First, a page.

I'm waiting real time ray tracing using photonic quantum computers.
I think that will be the bigger advance since long long time.
That will be the new world of graphic on computer.
The end of rasterization will be awesome.
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Posted 22 June 2014 - 08:53 AM
Having computers that are fast enough that we can ray-trace everything, would be nice, yes... Though for an initial batch of camera or light rays that are all uniformly distributed and not bouncing around, rasterization still might be more efficient
You haven't given us much to discuss though, so googling turned up this paper that actually gives some big-O figures on the algorithmic improvements that are up for grabs when we have qubits available to us:
The TL;DR big-O parts:
The complexity of the quantum Z-Buffering algorithm is O(P*sqrt(d*N)) while the classical algorithm needs O(P*(d+N))) steps. Here P represents the total number of pixels, d is the average number of polygons intersecting one pixel and N is the number of polygons in the scene. The main advantages of the quantum variant of the algorithm are the fact that it has a much better scalability with respect to the number N of polygons than its classical counterpart and that it copes with arbitrarily shaped objects and it is not limited to simple polygons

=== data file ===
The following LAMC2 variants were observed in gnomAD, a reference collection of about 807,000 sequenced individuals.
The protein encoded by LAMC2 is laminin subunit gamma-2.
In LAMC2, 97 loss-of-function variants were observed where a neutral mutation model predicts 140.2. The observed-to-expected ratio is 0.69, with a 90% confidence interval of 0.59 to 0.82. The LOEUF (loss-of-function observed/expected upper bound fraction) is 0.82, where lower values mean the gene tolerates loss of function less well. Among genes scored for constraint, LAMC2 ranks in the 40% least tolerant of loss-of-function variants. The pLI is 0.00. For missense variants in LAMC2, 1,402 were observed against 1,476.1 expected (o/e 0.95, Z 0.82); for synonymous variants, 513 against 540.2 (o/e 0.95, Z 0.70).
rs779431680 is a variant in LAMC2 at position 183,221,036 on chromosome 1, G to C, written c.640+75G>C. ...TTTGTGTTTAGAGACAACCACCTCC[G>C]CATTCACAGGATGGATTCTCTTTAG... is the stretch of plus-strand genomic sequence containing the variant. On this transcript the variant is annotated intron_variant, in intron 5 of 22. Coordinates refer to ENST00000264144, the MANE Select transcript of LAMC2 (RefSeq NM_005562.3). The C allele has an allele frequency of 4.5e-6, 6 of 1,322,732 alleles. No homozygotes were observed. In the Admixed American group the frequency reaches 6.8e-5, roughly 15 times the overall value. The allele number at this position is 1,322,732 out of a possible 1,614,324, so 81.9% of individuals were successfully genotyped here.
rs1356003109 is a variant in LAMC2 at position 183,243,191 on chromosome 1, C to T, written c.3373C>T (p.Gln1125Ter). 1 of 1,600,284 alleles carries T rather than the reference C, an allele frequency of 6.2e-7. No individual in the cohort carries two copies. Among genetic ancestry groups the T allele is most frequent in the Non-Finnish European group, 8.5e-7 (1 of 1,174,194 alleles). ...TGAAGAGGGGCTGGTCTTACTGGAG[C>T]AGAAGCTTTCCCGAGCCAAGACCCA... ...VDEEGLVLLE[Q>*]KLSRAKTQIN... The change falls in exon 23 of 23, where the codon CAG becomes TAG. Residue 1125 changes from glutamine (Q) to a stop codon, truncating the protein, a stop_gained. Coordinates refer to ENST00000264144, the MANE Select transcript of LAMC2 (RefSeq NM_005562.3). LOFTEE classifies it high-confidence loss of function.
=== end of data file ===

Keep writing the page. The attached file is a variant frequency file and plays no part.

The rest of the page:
The main advantage of this quantum [ray-tracing] solution over the classical case is the optimal time complexity for general object queries, with linear space complexity. In the classical case, polygons are used because computing the intersection is easier than in the case of generic objects
Thus, the first step of the quantum photon mapping algorithm has O(sqrt(N)) time complexity, unlike O(N) in the classical case